Understanding Why Your Firewood Produces A Blue Or Green Flame

Whether you want to use firewood in Perth for camping or you want to use it in your wood burning fireplace at home, it is important to know the best types of woods to use and those to avoid. Read on as we detail the problems with flame colour when firewood is burning. Flames can be in different colours and the variation in colours can be caused by a lot of things. Some colours are fine while others can indicate that something has gone wrong and you may be in danger.

 

If your wood burns with a blue flame then it means that it produces 2300 degrees or more while green flames may indicate that there is something else burning with the wood such as pesticides or chemicals.

 

A blue flame

Maybe the easiest change in colour to notice is a flame that burns with a blue colour. This is mainly because it is different from the traditional fire and perhaps the expected orange flame. In your science class, a blue flame indicates the intensity of the heat produced by the flame. The hottest part of a flame burns in a shade of blue while the rest of the flame burns with the normal orange colour.

 

You need to remember that if the entire flame is hot, the whole flame will burn blue. E.g., a Bunsen burner will be predominantly blue when the volume of the gas is turned up. So, what is the meaning of a blue flame when burning firewood? Blue simply means that the flame is burning carbon. This means that all the material being burned is carbon leaving no matter for the flame to light up and this is the cause of the orange colour.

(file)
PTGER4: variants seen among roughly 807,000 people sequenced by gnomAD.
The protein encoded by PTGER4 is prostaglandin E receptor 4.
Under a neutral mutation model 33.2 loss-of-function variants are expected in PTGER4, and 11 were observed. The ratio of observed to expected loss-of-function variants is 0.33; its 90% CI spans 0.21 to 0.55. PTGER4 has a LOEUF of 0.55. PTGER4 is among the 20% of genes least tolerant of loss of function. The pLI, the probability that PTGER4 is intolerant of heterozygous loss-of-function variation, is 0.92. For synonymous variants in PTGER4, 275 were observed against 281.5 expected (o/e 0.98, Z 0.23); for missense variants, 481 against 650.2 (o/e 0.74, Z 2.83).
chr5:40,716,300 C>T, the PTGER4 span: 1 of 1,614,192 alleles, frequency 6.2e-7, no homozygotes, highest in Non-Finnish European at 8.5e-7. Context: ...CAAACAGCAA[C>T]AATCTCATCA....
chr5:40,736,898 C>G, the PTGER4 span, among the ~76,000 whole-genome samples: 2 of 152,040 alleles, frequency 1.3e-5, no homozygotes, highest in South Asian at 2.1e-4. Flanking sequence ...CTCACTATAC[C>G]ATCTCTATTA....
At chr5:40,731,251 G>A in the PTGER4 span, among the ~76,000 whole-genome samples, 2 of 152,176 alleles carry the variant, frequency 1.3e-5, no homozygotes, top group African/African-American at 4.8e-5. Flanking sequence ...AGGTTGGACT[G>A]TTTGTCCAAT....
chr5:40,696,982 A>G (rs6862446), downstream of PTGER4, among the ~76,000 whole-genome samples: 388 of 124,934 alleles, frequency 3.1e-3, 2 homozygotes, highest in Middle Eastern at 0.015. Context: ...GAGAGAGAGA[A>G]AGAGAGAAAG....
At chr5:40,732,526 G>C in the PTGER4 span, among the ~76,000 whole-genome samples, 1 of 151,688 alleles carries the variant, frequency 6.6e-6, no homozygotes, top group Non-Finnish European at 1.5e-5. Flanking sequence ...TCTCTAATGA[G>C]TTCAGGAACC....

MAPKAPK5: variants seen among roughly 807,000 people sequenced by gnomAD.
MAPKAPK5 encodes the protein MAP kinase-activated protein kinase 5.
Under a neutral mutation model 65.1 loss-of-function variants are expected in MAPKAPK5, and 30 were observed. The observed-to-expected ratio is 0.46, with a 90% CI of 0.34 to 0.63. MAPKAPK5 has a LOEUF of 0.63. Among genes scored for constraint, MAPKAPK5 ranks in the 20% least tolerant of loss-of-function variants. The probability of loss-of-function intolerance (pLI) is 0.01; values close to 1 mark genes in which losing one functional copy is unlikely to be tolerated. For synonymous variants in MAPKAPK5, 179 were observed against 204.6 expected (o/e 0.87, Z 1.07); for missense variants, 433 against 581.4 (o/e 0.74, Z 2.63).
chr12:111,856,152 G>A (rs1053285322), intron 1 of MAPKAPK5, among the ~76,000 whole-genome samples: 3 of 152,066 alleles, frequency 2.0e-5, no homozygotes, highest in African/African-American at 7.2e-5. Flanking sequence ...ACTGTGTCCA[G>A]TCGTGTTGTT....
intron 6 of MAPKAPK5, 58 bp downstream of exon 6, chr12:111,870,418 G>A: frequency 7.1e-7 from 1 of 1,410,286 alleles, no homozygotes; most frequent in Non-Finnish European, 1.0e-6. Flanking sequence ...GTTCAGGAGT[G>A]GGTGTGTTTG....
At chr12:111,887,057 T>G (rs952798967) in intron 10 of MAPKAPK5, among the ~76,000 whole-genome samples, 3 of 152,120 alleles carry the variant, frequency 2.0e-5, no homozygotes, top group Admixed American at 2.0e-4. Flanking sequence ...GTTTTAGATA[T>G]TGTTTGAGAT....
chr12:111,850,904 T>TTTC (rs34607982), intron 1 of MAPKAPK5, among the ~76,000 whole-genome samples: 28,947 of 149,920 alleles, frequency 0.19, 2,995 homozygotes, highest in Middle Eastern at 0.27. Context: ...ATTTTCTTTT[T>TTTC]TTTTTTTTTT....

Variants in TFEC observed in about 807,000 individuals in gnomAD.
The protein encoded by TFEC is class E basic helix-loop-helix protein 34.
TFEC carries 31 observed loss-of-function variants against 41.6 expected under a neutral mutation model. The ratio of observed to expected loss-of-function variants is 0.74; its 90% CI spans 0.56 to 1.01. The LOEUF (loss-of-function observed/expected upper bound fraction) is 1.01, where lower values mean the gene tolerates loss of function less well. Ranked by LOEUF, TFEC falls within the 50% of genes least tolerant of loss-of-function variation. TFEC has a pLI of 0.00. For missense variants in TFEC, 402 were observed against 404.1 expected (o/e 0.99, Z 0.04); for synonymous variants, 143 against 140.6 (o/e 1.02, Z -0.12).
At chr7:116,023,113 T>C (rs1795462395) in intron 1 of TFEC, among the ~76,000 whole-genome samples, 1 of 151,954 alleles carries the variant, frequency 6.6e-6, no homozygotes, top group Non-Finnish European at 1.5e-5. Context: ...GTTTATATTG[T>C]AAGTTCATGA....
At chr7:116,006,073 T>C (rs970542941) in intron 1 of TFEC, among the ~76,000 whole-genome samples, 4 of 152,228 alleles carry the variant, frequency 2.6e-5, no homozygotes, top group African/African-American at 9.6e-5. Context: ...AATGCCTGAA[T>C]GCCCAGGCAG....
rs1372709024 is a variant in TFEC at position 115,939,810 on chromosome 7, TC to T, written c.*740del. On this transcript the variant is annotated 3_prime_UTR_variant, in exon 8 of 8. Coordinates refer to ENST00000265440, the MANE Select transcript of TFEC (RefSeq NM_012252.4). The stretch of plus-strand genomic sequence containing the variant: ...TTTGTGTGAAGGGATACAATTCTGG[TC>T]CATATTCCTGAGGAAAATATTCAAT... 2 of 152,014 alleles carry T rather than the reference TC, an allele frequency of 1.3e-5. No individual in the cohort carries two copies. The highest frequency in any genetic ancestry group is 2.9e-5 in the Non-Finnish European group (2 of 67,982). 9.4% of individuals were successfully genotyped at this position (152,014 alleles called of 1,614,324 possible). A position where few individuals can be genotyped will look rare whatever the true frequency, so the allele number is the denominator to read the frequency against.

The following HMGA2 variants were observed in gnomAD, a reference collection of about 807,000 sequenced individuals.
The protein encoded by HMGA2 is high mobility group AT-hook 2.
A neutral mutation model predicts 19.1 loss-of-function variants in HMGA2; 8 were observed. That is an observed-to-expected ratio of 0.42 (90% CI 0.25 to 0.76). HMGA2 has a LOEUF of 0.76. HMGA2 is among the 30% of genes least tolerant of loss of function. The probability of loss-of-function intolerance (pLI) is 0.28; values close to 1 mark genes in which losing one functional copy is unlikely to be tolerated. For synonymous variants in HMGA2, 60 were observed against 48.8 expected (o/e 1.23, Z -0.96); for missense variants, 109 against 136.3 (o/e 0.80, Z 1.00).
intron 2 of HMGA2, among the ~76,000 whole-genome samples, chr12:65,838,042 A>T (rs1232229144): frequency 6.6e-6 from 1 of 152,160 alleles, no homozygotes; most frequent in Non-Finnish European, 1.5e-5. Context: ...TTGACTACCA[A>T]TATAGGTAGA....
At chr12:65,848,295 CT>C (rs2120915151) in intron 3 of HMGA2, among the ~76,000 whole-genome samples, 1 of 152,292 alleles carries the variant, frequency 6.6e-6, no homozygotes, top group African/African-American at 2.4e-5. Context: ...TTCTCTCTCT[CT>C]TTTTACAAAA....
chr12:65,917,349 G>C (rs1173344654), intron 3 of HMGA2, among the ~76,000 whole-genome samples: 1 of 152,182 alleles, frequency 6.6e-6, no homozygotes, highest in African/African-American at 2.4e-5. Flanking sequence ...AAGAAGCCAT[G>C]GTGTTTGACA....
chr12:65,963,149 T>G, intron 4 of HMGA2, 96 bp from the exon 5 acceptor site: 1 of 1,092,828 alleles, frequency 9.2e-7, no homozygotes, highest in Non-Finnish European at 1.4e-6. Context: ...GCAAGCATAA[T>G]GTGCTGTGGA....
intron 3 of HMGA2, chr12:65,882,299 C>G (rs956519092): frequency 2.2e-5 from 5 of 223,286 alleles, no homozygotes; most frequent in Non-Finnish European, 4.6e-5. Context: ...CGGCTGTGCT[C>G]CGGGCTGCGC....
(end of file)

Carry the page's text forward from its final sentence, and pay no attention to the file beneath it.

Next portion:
If you notice a blue flame when your wood is burning then this could be caused by different reasons. One simple thing that may cause this is that there are a number of rusted nails in the wood. The oxidation of the iron nails can cause a blue flame and this means that the colour of the flame is not as a result of the wood.

 

However, if you know that your wood was free from iron nails or pins then the issue may be how your wood was treated. Pressure treated lumber contain copper compounds that may cause a blue colour when your wood is burning. If your wood is not pressure-treated then it may be just the type of wood you are burning that is causing the blue flame.

 

Is blue flame dangerous?

If you are burning firewood in Perth that is producing a blue flame, the good news is that, a blue flame is not dangerous. It means that no fuel is being wasted during the burning process. However, if you are using wood with an appliance, it is important to use a carbon monoxide detector to ensure that the appliance will not malfunction and that the colour of the flame doesn’t result from excessive carbon monoxide. If there is no toxic gas then your fire is safe.

 

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